An investor looking to profit on good news from the Biotech space may purchase Direxion’s Daily S&P Biotech Bull 3x Shares to get rewarded three times over on the announcement of a new miracle drug.

However, what goes up 3x, can also come down 3x. This notion leads us to our next topic: Inverse Sector ETFs.

Inverse Sector ETFs

Another instrument investors use to capitalize on sector trends is the Inverse Sector ETF. If someone believes there is a bubble in the technology sector, they may buy an inverse tech ETF to short it. Remember, shorting an asset means you will profit when the asset’s price declines.

Bearish investors may be confident enough to even leverage their inverse play with a ProShares UltraPro Short QQQ. This ETF shorts the tech-loaded Nasdaq-100 Index three times as much as its leverage-free compliment ProShares Short QQQ.

Short at your own risk! Theoretically, an asset can infinitely rise, resulting in unlimited losses for investors that went short.

Sector ETFs Benefits

While we discussed Sector ETFs in detail thus far and highlighted a few benefits, there are still more benefits we have not covered. Remember, most of the underlying benefits of general ETFs also apply to Sector ETFs.

  • Investors can make sector-specific plays based on the status of the industry.
  • Investors can trim off industries that are dragging down the S&P 500 and choose the hot sectors.
  • Sector ETFs are diversified within an industry. But there are levels to diversification.

Mistakes to Avoid when Investing in Sector ETFs

Purchasing too many sectors at once may result in “over-diversification.” Yes, that is a thing. Why buy 11 sectors ETFs and pay each expense ratio when the S&P 500 already captures all the industries?

Here are a few mistakes you need to avoid:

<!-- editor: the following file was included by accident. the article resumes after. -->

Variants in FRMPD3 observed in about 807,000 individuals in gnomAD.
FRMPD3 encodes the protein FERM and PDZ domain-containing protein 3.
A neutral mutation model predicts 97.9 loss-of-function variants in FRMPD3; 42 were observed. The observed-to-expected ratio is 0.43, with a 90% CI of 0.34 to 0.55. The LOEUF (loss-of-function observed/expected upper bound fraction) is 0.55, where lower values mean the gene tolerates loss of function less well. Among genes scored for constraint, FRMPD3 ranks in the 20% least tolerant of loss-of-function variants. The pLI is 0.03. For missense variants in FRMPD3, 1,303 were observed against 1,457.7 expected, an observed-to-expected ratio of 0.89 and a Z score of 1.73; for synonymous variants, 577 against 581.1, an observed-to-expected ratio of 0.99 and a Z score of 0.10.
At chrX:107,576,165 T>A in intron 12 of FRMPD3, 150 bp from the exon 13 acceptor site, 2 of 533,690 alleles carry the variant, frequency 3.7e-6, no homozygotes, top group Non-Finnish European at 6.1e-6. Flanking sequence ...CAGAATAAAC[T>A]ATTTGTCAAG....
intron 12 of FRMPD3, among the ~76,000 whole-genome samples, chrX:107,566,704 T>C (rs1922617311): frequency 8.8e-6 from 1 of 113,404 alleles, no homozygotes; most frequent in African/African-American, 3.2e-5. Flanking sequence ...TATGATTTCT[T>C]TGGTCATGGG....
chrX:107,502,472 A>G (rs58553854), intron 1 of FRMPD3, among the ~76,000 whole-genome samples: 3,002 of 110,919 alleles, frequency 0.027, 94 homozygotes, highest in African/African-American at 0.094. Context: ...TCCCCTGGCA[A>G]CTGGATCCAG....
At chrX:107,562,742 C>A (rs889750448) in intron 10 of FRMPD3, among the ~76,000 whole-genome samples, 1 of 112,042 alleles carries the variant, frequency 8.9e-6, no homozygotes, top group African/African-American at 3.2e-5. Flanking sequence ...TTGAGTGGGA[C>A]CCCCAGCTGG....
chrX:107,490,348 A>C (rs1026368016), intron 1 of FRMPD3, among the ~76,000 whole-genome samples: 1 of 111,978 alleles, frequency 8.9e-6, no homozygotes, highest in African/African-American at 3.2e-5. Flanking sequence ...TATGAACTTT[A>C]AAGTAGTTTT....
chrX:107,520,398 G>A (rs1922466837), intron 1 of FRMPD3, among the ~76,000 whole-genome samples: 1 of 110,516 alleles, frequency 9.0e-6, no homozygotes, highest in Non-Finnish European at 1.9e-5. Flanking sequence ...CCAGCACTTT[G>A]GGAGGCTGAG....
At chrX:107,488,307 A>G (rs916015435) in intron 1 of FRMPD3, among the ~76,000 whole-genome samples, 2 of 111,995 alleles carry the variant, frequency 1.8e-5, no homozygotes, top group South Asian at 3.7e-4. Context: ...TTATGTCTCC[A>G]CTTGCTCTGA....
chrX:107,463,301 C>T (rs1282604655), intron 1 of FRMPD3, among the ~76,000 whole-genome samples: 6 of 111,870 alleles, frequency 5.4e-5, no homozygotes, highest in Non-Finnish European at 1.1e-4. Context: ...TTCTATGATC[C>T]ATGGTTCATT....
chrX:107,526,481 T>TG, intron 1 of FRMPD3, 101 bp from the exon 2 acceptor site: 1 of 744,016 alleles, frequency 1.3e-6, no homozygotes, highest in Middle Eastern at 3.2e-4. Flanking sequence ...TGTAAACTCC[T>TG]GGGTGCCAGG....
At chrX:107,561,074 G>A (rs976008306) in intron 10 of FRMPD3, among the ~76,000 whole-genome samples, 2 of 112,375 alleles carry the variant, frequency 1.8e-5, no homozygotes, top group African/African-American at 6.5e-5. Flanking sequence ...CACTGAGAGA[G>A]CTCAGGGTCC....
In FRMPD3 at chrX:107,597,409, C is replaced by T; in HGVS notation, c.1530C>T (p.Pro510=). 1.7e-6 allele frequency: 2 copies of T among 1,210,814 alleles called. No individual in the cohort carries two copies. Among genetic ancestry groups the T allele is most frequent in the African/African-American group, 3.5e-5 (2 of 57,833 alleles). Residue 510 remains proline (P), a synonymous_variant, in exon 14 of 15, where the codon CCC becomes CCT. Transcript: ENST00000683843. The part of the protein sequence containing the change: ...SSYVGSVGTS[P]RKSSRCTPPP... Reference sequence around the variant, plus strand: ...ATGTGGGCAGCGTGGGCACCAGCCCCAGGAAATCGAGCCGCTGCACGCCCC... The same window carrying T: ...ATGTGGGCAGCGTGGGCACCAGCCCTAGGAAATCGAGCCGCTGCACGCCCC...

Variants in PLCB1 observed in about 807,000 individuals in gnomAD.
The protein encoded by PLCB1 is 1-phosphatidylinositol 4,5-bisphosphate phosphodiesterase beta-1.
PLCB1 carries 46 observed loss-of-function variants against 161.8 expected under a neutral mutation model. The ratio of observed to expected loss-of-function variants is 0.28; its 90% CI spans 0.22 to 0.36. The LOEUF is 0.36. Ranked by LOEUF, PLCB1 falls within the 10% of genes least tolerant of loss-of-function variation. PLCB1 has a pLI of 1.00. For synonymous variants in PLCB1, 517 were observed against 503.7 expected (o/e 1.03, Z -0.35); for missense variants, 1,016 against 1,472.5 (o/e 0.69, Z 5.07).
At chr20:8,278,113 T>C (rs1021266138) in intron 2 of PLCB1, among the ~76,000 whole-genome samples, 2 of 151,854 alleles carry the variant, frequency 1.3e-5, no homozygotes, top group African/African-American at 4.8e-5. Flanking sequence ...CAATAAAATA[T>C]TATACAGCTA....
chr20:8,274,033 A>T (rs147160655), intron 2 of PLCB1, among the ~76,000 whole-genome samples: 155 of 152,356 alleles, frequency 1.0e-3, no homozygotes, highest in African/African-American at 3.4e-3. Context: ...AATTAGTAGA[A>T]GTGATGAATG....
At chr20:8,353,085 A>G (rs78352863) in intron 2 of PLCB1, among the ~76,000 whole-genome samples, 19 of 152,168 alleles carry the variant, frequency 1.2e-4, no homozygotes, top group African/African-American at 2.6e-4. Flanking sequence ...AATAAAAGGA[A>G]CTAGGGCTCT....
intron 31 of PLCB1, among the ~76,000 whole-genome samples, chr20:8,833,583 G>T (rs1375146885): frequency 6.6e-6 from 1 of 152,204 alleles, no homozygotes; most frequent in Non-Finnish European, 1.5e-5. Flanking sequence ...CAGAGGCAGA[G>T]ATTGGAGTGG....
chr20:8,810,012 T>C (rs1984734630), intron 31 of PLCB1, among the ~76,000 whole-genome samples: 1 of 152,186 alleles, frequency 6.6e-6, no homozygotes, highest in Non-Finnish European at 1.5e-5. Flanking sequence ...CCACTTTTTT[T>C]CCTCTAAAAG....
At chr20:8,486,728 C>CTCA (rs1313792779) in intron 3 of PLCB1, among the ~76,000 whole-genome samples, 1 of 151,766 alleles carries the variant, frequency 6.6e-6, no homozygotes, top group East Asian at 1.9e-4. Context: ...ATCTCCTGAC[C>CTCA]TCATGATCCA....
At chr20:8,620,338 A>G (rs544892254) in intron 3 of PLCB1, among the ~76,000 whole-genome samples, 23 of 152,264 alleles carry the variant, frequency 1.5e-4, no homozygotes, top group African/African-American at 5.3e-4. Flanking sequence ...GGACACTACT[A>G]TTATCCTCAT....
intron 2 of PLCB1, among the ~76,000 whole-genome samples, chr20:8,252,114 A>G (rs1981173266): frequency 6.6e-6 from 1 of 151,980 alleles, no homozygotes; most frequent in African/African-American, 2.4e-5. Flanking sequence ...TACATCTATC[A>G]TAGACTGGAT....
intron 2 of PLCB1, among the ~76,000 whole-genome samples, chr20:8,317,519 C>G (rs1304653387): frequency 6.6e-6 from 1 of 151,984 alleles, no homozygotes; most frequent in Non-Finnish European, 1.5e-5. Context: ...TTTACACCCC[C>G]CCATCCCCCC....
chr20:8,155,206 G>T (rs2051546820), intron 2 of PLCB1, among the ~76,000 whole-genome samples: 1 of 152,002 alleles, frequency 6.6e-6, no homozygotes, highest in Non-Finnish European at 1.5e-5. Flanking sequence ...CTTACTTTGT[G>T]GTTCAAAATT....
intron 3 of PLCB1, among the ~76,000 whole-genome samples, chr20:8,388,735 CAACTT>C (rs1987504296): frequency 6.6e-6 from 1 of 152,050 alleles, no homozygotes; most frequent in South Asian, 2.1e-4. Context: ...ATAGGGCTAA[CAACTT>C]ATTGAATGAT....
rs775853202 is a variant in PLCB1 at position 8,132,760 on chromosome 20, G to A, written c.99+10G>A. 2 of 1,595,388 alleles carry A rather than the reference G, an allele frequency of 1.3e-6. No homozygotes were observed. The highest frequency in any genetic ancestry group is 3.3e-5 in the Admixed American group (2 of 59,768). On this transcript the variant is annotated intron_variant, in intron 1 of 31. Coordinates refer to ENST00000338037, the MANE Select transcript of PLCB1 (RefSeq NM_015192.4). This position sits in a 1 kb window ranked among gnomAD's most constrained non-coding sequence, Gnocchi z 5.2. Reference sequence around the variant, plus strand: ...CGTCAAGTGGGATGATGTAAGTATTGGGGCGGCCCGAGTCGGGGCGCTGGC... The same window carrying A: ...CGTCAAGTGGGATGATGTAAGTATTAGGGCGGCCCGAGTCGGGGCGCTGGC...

• Over Diversification
  • Not Accounting for Expense Ratios
  • Unchecked Biases: Make sure you know why you are investing in a sector ETF.

However, investors may achieve an appropriate level of diversification by exploring the 168 sub-industries, such as investing in the semiconductor or Esports space.

Diversification is unique to each investor and is ultimately determined by their goals and risk tolerance.

How to Invest in Sector ETFs

#1 Choose a Broker

We are fans of Vanguardand Charles Schwab for exchange-traded funds. These are the godfathers of discount stock brokers and will surely have every ETF under the sun.

>> More: Best Online Stock Brokers

#2 Fund Your Account

Vanguard and Charles Schwab ensure your money makes it safely from your bank into your new brokerage account.

It’s as easy as linking your bank and determining the amount of cash you want to deposit. The two common methods of deposits are ACH payments and wire transfers.

#3 Pick Your Sector ETFs

This is the fun part. Be sure to do your own research and not fall victim to FOMO. Or do. Some bull markets last much longer than anticipated and buying at all-time highs is better than never buying at all.

>> More: Stock Market Research Websites & Motley Fool Review

Bottom Line: Sector ETFs

For investors, Sector ETFs offer diversification, safety, and exposure to multiple industries all at once. This is why ETFs have triumphed over individual stocks in recent years.

ETFs make it easy for new investors to safely invest their money and reap the benefits of healthy growth over a long period.

Sean Graytok
Sean Graytok

Sean Graytok is our Co-Founder and leading expert in investing and financial management. His work has been cited in leading industry publications, such as InvestorPlace and Business Insider. Sean is interested in the people and technologies that are improving the world.